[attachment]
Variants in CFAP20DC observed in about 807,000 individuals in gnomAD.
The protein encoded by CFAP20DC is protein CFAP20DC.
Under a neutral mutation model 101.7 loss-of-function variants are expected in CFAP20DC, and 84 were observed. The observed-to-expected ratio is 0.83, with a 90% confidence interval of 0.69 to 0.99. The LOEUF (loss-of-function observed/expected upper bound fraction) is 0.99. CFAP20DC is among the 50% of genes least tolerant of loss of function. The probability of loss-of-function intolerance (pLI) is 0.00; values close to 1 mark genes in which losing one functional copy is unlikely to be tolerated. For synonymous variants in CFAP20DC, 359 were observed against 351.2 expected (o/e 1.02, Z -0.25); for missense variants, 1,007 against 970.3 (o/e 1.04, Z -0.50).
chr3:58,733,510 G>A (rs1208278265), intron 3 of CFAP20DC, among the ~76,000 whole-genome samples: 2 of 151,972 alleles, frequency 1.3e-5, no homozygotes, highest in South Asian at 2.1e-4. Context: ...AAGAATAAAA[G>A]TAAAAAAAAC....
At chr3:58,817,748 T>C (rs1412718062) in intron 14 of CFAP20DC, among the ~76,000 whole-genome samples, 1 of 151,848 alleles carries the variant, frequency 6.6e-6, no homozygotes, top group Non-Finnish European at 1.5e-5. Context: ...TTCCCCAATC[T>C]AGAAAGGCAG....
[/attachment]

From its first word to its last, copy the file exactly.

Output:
Variants in CFAP20DC observed in about 807,000 individuals in gnomAD.
The protein encoded by CFAP20DC is protein CFAP20DC.
Under a neutral mutation model 101.7 loss-of-function variants are expected in CFAP20DC, and 84 were observed. The observed-to-expected ratio is 0.83, with a 90% confidence interval of 0.69 to 0.99. The LOEUF (loss-of-function observed/expected upper bound fraction) is 0.99. CFAP20DC is among the 50% of genes least tolerant of loss of function. The probability of loss-of-function intolerance (pLI) is 0.00; values close to 1 mark genes in which losing one functional copy is unlikely to be tolerated. For synonymous variants in CFAP20DC, 359 were observed against 351.2 expected (o/e 1.02, Z -0.25); for missense variants, 1,007 against 970.3 (o/e 1.04, Z -0.50).
chr3:58,733,510 G>A (rs1208278265), intron 3 of CFAP20DC, among the ~76,000 whole-genome samples: 2 of 151,972 alleles, frequency 1.3e-5, no homozygotes, highest in South Asian at 2.1e-4. Context: ...AAGAATAAAA[G>A]TAAAAAAAAC....
At chr3:58,817,748 T>C (rs1412718062) in intron 14 of CFAP20DC, among the ~76,000 whole-genome samples, 1 of 151,848 alleles carries the variant, frequency 6.6e-6, no homozygotes, top group Non-Finnish European at 1.5e-5. Context: ...TTCCCCAATC[T>C]AGAAAGGCAG....